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How Does 'Rolling Admission' Work?

Roger_DooleyRoger_Dooley Founder Posts: 106,392 Senior Member
edited May 2008 in Ask The Dean Topics
Question: Can you please explain what Rolling Admissions means and how colleges determine when to send out your decision?“Rolling Admission” colleges and universities evaluate applications as they arrive, and decisions are mailed shortly thereafter—usually within two months. Places are filled on a first-come, first-served basis. Thus, when considering Rolling Admission schools, it usually makes sense [...]

Post edited by Roger_Dooley on

Replies to: How Does 'Rolling Admission' Work?

  • Roger_DooleyRoger_Dooley Founder Posts: 106,392 Senior Member
    I'd add to The Dean's answer on this that rolling admissions schools are PERFECT safety schools! You can have an acceptance in the bag before you even finish your other apps.

    This takes a lot of the pressure off (if you'd be happy at your safety school, which is an essential characteristic of a good safety). And, the fact that you have your acceptance in hand ensures no nasty surprises like a rejection or waitlist at a school that you were certain was a safety.
  • ibtellingibtelling Registered User Posts: 263 Junior Member
    Which colleges still have rolling admissions as of now?
  • aj16aj16 Registered User Posts: 614 Member
    Aren't "rolling admissions" against the very spirit of having a 'holistic' admissions process.
    Why should a weak, uncompetitve student be given so much of an advantage if he applies earlier than a stronger, more competitive student.
  • Roger_DooleyRoger_Dooley Founder Posts: 106,392 Senior Member
    Usually, rolling admissions are used at large public universities that tend to be more numbers-based. No essays, little or no EC analysis - not exactly holistic :). There's not necessarily a huge advantage to applying early in a normal year - a student with competitive stats (for that school) will likely be admitted at any time during the application season.

    The advantages (in addition to having the security of having at least one acceptance in the bank) tend to be more financial aid-related. Sometimes housing options may be better earlier in the process, but schools handle that aspect in different ways.
  • apumicapumic Registered User Posts: 1,529 Senior Member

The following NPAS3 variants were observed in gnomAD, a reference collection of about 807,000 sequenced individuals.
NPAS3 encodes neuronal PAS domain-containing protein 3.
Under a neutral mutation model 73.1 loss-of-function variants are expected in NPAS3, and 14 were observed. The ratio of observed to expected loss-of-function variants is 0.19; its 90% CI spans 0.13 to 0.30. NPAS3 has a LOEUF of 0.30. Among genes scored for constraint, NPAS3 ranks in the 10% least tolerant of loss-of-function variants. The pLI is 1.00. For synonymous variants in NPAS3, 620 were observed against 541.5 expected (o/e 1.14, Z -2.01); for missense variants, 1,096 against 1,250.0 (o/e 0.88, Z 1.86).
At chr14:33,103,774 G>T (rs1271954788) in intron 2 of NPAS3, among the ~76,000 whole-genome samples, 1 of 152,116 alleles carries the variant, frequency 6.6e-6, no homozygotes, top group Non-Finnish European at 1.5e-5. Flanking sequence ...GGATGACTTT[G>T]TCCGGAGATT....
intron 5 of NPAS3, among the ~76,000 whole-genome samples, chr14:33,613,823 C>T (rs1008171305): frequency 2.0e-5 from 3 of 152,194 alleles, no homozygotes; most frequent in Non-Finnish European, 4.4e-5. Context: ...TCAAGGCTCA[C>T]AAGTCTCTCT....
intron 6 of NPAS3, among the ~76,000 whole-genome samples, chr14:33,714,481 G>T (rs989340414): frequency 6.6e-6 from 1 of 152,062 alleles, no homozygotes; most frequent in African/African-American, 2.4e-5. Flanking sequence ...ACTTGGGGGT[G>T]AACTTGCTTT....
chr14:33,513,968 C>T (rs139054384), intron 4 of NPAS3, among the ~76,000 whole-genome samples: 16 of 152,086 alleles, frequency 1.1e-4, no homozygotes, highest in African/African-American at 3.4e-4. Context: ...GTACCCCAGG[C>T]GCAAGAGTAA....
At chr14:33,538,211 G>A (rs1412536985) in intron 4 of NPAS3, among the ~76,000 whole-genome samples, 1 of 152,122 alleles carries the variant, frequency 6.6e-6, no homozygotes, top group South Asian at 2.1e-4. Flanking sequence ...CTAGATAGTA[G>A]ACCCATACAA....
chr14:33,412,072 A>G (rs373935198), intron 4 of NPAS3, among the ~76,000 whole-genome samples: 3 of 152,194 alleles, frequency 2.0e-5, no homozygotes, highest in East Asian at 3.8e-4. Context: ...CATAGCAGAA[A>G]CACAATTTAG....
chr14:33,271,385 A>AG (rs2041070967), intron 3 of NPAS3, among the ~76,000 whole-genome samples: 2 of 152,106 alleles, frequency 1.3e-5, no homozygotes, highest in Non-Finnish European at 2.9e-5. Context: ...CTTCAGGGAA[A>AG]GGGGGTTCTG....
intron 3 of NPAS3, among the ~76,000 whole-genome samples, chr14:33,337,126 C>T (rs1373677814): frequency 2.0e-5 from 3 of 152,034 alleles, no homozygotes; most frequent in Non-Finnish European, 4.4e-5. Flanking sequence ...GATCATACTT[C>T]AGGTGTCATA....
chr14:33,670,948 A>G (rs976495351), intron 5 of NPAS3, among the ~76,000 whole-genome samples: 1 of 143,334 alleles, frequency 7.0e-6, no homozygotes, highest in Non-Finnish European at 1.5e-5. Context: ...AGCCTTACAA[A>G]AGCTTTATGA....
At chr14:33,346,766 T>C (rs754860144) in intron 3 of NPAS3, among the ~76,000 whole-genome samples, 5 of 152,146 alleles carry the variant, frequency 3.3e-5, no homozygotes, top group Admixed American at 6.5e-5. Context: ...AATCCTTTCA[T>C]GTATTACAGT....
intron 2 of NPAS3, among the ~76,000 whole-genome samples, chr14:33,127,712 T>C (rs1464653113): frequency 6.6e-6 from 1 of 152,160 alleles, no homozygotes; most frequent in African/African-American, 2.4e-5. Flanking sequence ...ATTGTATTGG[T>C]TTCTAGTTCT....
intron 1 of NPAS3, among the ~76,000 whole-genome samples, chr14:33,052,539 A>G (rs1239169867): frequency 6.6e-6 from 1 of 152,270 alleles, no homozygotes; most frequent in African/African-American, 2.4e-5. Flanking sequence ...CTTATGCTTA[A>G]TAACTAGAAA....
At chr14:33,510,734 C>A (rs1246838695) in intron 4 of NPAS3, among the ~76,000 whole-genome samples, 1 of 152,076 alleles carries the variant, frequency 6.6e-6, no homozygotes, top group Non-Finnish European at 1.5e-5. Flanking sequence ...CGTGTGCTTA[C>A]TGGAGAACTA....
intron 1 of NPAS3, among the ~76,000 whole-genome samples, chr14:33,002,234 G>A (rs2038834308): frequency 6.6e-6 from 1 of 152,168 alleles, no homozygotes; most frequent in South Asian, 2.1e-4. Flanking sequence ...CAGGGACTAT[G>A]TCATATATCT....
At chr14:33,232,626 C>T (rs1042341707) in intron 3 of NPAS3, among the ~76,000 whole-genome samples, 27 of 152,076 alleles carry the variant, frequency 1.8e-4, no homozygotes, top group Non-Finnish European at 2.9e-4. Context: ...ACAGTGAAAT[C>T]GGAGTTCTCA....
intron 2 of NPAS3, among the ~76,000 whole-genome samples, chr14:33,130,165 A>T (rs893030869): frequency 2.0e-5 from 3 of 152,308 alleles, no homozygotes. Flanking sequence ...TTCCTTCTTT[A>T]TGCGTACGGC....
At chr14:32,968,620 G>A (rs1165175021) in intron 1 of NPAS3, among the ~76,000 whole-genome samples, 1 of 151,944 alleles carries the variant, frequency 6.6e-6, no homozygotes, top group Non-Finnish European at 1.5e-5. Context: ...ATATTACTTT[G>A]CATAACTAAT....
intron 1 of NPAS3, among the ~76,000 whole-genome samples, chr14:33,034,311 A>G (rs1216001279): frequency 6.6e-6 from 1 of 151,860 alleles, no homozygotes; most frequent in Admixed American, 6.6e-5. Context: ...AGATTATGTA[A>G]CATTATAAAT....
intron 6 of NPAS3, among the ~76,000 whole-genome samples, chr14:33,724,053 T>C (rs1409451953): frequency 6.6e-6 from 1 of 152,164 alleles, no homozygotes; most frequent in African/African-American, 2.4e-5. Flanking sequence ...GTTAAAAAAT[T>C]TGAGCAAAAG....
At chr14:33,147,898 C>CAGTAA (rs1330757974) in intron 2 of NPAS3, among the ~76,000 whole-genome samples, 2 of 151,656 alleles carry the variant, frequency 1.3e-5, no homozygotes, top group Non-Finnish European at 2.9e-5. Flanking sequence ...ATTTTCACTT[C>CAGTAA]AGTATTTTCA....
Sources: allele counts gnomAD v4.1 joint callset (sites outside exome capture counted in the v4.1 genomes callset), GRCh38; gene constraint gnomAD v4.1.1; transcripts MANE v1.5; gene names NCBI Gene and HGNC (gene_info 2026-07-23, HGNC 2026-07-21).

At the same time, though, a student who is capable of getting everything done and in early but has a slightly weaker GPA, ECs, etc. may have a stronger work ethic and be more likely to succeed in the real world.
    AJ, that comment sounds pretty snobby. The best students have a good work ethic. Superior IQs (and their related test scores) and dazzling GPAs and ECs may hide deeper problems (e.g., the person wrapper him or herself up in school and ECs to avoid home/family life or even close friendships, which both correlate with lower collegiate success). Someone taking extra long to get an application in may be a warning sign. I would argue that a good student ought to be able to work within the boundaries of the process and get rolling admissions applications in first!
  • excelblueexcelblue Registered User Posts: 1,840 Senior Member
    Rolling admissions is truly a very nice thing. I remembered when I originally spent a lot of time trying to pick out schools that are safeties, etc., when one of my top choices popped out with rolling admissions and a free application that didn't require essays or recs.

    Needless to say, I filled it out semi-seriously and finished the app in about 9min. This was in early October. Before my EAs were due, I already had my first admit, and I didn't have to apply to any other safeties! I was originally going to apply to about 10 colleges, but my list went down to 5 colleges: all of which were in the top 30. The stress it saved me was invaluable.

    Now, their rolling is still open. So, if you got a bit overconfident and applied only to HYPSM, you still have a chance. =)
  • digmediadigmedia Registered User Posts: 3,309 Senior Member
    roger wrote:
    There's not necessarily a huge advantage to applying early in a normal year - a student with competitive stats (for that school) will likely be admitted at any time during the application season.
    Keep in mind that certain majors may be quite competitive, even in schools with rolling admissions. For example, the Scripps School of Journalism at Ohio University (which has rolling admissions) is one of the top journalism programs in the country. There are a limited number of spots, and they may fill earlier in the year. So an early app is an advantage.
  • believersmombelieversmom Registered User Posts: 1,109 Senior Member
    I have also heard it said that an early app is like adding 10% to your test scores. Don't know if that is true but rolling admissions were VERY good to our D.
    One word of caution, sometimes on the rolling admissions that accept apps really early (June of Junior year as soon as junior grades are final) sometimes meet with resistance from GC who are ready at that time to "take a break" before starting on the next round of seniors. D applied to two rolling admits(OOS) in June and had to push the GC office to send her transcripts because they said "no one is accepting apps yet." It was worth the effort when in August she had two acceptances under her belt.
  • zebeszebes Registered User Posts: 1,326 Senior Member
    My S chose a school with rolling admissions as his university. Applying early, not only afforded him the security of know he was "in," but it increased his chance at a merit scholarship (not a national merit kid). Later in the year kids with similar stats from his h.s. were not being offered the same merit money, as it had been "given out."

  • dsultemeierdsultemeier Registered User Posts: 713 Member
    believersmom: would you mind sharing names for some of the June deadline schools. I've been trying to look up application information for schools but haven't seen any with deadlines that early. My D's school year ends May 23 so I'm not sure if June would work as the school will be closed but maybe we could give it a try. D would love to have an early acceptance in hand. Thanks.
  • believersmombelieversmom Registered User Posts: 1,109 Senior Member
    June wasn't the deadline, that was when they started accepting invitations.